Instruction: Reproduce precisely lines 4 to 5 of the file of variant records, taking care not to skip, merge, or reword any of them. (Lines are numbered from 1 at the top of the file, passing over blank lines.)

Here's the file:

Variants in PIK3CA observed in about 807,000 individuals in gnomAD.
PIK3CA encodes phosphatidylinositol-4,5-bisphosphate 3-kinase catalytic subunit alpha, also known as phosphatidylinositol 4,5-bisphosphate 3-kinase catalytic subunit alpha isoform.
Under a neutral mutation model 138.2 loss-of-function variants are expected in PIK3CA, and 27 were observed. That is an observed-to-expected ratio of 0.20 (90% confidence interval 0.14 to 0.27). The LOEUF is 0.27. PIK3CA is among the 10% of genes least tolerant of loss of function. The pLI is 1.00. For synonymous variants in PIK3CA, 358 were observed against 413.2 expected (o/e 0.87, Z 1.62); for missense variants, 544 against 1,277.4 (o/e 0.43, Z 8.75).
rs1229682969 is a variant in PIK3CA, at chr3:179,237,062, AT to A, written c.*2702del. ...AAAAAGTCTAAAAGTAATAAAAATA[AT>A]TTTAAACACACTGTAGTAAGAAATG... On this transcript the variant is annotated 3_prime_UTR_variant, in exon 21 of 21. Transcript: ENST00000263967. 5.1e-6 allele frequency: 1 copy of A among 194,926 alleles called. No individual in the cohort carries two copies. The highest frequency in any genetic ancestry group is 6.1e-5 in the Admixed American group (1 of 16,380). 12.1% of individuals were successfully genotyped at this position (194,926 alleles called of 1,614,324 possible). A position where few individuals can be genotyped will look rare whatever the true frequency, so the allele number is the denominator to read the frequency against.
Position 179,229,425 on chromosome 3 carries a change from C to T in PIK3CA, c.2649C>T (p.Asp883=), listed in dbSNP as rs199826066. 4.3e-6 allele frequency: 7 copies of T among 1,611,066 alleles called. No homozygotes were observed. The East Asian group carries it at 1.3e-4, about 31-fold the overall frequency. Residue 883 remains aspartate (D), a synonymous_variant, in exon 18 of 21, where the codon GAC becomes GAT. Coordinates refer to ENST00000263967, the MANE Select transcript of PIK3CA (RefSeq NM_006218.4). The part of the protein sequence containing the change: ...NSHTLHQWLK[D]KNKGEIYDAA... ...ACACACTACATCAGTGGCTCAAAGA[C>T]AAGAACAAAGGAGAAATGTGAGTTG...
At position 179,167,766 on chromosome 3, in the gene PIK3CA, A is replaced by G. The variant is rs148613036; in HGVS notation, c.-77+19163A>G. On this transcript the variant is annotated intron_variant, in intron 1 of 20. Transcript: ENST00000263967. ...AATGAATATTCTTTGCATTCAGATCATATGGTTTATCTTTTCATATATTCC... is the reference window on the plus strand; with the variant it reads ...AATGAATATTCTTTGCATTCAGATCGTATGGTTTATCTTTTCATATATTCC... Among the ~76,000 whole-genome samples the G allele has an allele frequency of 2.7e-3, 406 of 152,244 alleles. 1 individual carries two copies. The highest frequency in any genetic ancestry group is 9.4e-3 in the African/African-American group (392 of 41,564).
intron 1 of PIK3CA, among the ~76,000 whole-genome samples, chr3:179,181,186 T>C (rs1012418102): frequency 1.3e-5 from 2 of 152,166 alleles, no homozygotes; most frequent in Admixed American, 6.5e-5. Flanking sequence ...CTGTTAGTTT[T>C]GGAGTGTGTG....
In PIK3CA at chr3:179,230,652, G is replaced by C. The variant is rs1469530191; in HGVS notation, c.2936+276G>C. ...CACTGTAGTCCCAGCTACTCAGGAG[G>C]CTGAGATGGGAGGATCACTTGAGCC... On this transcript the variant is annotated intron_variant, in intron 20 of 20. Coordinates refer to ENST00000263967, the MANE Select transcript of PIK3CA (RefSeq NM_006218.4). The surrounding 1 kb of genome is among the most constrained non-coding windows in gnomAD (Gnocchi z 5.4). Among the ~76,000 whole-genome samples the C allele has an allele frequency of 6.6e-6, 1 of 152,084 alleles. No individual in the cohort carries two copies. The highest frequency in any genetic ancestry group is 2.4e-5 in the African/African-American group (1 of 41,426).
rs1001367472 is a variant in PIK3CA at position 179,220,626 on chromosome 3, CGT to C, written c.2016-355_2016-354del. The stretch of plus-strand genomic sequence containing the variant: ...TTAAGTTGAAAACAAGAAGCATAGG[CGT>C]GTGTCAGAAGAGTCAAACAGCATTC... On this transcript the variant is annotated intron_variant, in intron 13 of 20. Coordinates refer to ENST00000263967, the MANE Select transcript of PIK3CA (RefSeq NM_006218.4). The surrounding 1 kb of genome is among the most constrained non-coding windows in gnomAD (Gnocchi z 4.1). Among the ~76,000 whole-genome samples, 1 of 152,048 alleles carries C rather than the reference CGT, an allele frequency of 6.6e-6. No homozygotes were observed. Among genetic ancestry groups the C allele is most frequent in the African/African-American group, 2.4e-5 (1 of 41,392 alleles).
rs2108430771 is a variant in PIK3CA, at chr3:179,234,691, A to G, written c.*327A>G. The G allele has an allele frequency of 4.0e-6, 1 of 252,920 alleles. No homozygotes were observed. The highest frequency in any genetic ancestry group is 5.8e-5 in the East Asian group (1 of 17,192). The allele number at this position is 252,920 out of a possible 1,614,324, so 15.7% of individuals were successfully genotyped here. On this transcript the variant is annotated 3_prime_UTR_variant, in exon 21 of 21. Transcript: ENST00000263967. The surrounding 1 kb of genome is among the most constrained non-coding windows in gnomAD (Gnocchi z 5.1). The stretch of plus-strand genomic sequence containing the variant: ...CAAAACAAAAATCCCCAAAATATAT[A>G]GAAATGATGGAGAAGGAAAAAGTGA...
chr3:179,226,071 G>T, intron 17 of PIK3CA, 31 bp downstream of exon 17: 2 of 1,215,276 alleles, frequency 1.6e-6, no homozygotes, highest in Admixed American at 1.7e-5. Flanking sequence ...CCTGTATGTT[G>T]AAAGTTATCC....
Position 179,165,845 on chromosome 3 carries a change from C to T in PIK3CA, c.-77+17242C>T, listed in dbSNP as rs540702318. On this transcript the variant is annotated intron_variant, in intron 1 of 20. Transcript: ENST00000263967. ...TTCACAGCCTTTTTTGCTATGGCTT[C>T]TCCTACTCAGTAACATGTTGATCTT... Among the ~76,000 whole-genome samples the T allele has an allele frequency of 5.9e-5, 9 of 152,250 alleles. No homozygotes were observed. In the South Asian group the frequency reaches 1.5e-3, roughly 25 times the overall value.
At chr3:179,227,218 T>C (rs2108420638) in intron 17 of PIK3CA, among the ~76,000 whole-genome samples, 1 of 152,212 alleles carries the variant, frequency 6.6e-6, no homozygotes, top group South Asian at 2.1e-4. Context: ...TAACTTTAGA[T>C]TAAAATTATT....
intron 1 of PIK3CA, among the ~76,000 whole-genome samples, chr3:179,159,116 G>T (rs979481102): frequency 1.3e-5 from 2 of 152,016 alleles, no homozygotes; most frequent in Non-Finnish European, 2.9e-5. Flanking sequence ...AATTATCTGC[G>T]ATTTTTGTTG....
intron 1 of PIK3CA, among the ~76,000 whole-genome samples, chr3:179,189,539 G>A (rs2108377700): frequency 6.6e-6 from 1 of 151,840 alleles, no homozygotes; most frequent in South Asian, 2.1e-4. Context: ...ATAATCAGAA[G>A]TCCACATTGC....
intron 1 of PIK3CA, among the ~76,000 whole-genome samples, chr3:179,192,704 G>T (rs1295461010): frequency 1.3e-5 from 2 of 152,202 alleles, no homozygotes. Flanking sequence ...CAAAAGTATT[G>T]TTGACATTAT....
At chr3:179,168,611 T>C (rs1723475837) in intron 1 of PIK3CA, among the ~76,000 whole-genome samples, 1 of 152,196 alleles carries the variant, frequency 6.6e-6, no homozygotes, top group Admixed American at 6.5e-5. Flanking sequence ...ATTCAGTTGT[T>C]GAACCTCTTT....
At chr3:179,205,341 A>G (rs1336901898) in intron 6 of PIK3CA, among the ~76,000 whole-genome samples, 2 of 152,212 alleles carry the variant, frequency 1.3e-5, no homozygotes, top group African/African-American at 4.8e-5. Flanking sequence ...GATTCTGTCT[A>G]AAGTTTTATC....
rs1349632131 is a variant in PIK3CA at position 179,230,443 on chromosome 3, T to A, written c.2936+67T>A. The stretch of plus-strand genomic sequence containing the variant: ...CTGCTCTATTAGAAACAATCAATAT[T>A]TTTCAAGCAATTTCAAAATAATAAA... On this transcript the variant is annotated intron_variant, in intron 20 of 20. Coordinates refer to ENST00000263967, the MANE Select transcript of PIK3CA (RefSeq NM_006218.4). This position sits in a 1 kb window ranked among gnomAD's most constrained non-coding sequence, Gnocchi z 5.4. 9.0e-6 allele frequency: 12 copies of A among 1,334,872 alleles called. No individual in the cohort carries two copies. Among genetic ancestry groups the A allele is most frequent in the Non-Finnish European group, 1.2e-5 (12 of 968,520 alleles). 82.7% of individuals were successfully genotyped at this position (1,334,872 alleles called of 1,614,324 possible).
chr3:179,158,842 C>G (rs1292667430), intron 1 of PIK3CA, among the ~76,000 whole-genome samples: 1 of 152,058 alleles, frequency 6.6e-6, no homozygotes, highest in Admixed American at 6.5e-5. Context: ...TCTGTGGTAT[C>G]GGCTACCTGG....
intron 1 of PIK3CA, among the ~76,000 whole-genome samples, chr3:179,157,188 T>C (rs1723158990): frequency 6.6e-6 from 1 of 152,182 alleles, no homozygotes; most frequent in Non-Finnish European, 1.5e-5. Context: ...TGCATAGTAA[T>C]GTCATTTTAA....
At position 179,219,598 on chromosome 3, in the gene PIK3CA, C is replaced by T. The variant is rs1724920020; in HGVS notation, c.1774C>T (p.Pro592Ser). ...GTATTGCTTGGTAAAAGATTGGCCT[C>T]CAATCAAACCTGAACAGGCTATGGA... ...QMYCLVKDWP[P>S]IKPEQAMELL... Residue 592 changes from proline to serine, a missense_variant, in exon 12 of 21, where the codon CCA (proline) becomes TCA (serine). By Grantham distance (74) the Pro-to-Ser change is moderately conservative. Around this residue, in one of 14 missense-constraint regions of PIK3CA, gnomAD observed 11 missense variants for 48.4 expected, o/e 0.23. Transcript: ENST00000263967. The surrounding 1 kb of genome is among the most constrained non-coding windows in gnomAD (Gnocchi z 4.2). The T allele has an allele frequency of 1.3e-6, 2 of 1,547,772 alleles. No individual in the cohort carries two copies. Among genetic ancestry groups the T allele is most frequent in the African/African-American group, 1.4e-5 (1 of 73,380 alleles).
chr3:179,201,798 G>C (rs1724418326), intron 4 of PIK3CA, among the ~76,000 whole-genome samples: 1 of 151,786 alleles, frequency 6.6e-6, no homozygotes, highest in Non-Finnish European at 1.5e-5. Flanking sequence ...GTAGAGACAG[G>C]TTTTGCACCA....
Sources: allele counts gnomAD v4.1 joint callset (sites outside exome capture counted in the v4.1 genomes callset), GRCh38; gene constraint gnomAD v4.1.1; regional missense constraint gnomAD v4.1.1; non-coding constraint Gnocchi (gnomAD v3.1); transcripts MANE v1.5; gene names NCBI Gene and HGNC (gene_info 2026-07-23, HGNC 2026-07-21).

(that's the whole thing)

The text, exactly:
rs1229682969 is a variant in PIK3CA, at chr3:179,237,062, AT to A, written c.*2702del. ...AAAAAGTCTAAAAGTAATAAAAATA[AT>A]TTTAAACACACTGTAGTAAGAAATG... On this transcript the variant is annotated 3_prime_UTR_variant, in exon 21 of 21. Transcript: ENST00000263967. 5.1e-6 allele frequency: 1 copy of A among 194,926 alleles called. No individual in the cohort carries two copies. The highest frequency in any genetic ancestry group is 6.1e-5 in the Admixed American group (1 of 16,380). 12.1% of individuals were successfully genotyped at this position (194,926 alleles called of 1,614,324 possible). A position where few individuals can be genotyped will look rare whatever the true frequency, so the allele number is the denominator to read the frequency against.
Position 179,229,425 on chromosome 3 carries a change from C to T in PIK3CA, c.2649C>T (p.Asp883=), listed in dbSNP as rs199826066. 4.3e-6 allele frequency: 7 copies of T among 1,611,066 alleles called. No homozygotes were observed. The East Asian group carries it at 1.3e-4, about 31-fold the overall frequency. Residue 883 remains aspartate (D), a synonymous_variant, in exon 18 of 21, where the codon GAC becomes GAT. Coordinates refer to ENST00000263967, the MANE Select transcript of PIK3CA (RefSeq NM_006218.4). The part of the protein sequence containing the change: ...NSHTLHQWLK[D]KNKGEIYDAA... ...ACACACTACATCAGTGGCTCAAAGA[C>T]AAGAACAAAGGAGAAATGTGAGTTG...